// utils/setVersionHeader.ts import { ServerResponse } from 'http' /** * Sets an `X-version` header that is used to determine when CMS data has changed. * @param data The page data * @param res The response from the SSR server */ export function setVersionHeader(data: Record<string, any>, res: ServerResponse): string { // calculate a hash based on the passed data const pageDataHash = require('crypto') .createHash('md5') .update(JSON.stringify(data)) .digest('hex'); if (res) { res.setHeader('X-version', pageDataHash); } return pageDataHash; }

Add hooks that implement focus and reload behavior

The first hook we will add will simplify the handling of browser focus events.

// hooks/useFocus.ts import { useState, useEffect } from 'react'; /** * Hook that returns true if the window is focused and * false if not. */ export function useFocus() { const [state, setState] = useState(null); const onFocusEvent = () => setState(true); const onBlurEvent = () => setState(false); useEffect(() => { window.addEventListener('focus', onFocusEvent); window.addEventListener('blur', onBlurEvent); return () => { window.removeEventListener('focus', onFocusEvent); window.removeEventListener('blur', onBlurEvent); }; }); return state; }

And a hook that wraps useFocus that checks the version header and reloads the page if necessary:

// hooks/useFocusReload.ts import { useEffect } from 'react'; import { useFocus } from './useFocus'; /** * This works with the useFocus hook to reload the page if data has changed. * It works by fetching the current page async, and comparing the X-Version * header to the current one (passed in as pageDataHash) */ export function useFocusReload(pageDataHash: string) { const focused = useFocus(); useEffect(() => { async function handleFocus() { if (focused) { const res = await fetch(window.location.href, { headers: { pragma: 'no-cache', }, }); if (res.ok && res.headers.get('X-version') !== pageDataHash) { window.location.reload(); } } } handleFocus(); }, [focused]); }

Here’s how to use the hooks we just put in place:

// pages/services.tsx import React from "react"; import Head from "next/head"; import { NextPageContext } from "next"; import { graphQLClient } from "../../config/graphql"; import { SeoMetaTags } from "../../graphql/fragments/SeoMetaTags"; import { useFocusReload } from "../../hooks/useFocusReload"; import { setVersionHeader } from "../../utils/setVersionHeader"; const PAGE_DATA_QUERY = ` query ServicesQuery { servicesPage { ${SeoMetaTags} name } } `; interface Props extends NextPageContext { data: Record<string, any>; } /** * A page that lists all services we offer */ const Services = ({ data, pageDataHash }: Props) => { useFocusReload(pageDataHash); const tags = data._seoMetaTags; const pageData = data.servicesPage; return ( <> <Head> <SeoMetaTags tags={tags} /> </Head> {pageData.services.map(s => ( <h3>{s.name}</h3> ))} </> ); }; Services.getInitialProps = async ({ res }) => { const data = await graphQLClient.request(PAGE_DATA_QUERY); const pageDataHash = setVersionHeader(data, res); return { data, pageDataHash }; }; export default Services;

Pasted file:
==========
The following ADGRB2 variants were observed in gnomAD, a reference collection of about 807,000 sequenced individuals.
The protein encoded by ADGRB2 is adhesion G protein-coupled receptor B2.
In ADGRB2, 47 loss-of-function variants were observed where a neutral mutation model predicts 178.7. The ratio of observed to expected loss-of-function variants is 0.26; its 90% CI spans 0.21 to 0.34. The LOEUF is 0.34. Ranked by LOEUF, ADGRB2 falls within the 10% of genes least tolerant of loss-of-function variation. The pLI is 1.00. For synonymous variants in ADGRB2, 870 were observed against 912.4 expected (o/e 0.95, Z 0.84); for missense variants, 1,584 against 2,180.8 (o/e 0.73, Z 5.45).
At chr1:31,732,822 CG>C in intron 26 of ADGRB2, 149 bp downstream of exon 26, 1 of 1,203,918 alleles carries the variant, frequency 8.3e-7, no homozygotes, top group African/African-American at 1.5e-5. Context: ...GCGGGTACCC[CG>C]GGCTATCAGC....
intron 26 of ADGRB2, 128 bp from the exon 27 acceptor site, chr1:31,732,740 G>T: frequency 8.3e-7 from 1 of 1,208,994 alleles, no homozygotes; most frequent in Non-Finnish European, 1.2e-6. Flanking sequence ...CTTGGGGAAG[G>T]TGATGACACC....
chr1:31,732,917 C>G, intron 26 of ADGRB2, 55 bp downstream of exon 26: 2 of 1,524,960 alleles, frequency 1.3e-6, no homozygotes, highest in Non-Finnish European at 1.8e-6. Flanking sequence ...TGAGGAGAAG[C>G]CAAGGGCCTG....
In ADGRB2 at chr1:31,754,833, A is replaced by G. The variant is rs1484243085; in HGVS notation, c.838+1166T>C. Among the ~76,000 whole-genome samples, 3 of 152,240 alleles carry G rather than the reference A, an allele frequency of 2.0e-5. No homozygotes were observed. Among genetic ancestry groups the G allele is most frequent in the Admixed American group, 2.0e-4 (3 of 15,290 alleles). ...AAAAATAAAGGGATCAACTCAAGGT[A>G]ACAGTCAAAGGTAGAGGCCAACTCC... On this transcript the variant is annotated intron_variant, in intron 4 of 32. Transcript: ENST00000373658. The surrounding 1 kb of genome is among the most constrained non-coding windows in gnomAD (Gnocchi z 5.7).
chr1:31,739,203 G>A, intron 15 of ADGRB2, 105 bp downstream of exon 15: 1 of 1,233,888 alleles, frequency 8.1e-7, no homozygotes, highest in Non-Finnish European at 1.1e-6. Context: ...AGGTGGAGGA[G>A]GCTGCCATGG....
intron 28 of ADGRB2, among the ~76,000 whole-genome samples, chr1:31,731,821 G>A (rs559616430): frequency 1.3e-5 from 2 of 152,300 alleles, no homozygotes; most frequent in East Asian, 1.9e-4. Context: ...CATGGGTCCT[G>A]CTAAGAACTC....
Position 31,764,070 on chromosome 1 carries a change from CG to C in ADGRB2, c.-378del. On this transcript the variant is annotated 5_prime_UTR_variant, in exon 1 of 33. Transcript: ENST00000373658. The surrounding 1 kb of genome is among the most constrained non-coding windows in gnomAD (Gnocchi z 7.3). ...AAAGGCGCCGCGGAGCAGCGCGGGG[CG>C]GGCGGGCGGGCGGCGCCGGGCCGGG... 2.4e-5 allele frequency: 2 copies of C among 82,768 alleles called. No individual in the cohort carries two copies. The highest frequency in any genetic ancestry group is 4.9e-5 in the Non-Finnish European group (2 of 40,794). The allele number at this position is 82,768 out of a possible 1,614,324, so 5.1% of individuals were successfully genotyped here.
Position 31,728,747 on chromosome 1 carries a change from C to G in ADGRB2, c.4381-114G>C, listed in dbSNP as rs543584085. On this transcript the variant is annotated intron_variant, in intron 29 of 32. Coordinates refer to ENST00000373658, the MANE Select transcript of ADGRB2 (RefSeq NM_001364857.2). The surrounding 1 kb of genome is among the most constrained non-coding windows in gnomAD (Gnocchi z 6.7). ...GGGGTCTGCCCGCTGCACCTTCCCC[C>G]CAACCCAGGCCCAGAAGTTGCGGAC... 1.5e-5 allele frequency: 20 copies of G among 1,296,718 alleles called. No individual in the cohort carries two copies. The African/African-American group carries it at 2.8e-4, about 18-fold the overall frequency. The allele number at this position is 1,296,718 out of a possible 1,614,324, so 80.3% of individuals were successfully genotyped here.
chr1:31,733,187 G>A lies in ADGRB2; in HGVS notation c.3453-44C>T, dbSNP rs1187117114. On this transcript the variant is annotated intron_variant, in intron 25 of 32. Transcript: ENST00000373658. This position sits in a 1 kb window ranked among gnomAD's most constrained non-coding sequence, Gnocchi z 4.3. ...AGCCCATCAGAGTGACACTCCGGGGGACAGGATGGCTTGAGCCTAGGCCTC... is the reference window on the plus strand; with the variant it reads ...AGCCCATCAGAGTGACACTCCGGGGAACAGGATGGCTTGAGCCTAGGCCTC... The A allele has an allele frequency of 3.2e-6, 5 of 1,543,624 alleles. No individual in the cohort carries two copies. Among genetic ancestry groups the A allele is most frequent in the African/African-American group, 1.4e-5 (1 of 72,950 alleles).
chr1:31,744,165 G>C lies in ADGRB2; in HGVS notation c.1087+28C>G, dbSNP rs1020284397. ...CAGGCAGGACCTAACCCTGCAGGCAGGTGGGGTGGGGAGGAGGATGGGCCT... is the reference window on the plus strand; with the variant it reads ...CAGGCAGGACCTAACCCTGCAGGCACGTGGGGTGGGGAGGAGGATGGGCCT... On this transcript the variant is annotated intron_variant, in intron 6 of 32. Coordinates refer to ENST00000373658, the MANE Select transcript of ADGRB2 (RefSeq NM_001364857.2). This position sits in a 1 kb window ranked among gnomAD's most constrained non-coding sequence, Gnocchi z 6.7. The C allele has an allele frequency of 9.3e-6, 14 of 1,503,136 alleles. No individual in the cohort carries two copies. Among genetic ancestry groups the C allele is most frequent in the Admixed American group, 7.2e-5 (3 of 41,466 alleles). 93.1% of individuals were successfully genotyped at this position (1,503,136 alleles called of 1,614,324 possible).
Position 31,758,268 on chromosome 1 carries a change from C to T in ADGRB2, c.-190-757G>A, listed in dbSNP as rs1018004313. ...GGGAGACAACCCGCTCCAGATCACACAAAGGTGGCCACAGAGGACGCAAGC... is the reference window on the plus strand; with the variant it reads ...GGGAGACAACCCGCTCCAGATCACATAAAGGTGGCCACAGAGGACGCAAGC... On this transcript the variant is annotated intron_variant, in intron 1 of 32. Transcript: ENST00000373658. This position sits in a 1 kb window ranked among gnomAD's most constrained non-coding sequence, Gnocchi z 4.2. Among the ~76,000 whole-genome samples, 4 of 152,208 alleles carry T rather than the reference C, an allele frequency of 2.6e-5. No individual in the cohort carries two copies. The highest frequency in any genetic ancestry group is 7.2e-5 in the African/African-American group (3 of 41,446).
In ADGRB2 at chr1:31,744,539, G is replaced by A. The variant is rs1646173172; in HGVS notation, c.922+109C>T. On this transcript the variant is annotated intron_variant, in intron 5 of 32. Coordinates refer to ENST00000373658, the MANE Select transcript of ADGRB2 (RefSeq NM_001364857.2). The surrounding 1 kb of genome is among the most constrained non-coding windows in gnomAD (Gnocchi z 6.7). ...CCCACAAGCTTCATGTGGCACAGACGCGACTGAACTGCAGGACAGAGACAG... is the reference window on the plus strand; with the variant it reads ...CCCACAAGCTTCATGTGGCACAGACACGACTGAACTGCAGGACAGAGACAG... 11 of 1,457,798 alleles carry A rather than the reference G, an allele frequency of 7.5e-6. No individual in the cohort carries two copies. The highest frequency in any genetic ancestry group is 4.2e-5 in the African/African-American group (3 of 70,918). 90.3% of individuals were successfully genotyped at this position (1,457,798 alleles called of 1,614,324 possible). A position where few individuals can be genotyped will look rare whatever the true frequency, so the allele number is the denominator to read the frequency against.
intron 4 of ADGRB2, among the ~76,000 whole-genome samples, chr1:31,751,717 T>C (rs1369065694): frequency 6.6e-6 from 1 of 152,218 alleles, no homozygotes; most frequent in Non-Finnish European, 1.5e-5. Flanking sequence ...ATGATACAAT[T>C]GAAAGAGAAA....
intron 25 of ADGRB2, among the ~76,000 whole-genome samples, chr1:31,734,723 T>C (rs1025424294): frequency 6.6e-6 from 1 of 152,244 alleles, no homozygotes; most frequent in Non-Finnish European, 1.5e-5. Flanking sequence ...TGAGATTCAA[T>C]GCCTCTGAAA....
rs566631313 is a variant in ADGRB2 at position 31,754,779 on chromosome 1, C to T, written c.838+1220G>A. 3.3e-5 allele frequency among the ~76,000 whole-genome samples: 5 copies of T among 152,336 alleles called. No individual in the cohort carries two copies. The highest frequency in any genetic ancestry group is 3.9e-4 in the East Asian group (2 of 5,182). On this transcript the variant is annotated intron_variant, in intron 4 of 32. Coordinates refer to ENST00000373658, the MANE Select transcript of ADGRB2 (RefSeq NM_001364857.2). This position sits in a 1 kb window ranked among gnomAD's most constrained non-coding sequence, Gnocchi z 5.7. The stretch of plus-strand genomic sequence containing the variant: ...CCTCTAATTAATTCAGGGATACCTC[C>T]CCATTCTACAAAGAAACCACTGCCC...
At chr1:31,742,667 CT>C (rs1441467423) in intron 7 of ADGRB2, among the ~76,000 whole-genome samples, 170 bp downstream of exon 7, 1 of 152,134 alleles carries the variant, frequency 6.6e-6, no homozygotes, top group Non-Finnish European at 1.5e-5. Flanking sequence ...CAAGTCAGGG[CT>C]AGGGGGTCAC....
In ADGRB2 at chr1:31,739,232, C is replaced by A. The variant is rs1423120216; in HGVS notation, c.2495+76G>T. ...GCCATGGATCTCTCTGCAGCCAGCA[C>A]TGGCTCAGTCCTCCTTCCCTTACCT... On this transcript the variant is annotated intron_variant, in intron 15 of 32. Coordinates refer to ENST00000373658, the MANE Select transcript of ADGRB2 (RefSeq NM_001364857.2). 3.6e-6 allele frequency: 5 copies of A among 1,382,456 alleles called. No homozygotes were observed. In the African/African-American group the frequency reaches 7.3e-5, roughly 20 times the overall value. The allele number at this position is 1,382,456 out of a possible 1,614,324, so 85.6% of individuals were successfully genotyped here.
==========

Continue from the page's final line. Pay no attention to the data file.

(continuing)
To recap what is going on:

1. An x-version header will be set during Server Side Render, based on the CMS API response data. 2. When the browser receives a focus event, the current page is fetched again in the background 3. If the header has changed, we reload the page. If not, we do nothing.

Note: This same technique can be leveraged on any Single Page App to notify users that a new version has been released, and that they should reload the page. In that case, you would typically add a confirmation prompt before reloading on their behalf.

After deploying, you should be able to verify the x-version header was set in the browser.

an example of the x-version header

(an example of the x-version header)

Moving to production on Now

Up to this point, we’ve created a Server Rendered Next.js app that will automatically reload on focus if the page data has been updated in our CMS. The final step is to bring the high performance of a static site to our page.

To do that, we will leverage a built in feature built into the Now platform called Serverless Pre-Rendering. Similar to the header approach above, we’re going to set a special cache header to cache our pages at the CDN layer. In practical terms, that means our page will be as fast as a static site for the duration that it is cached.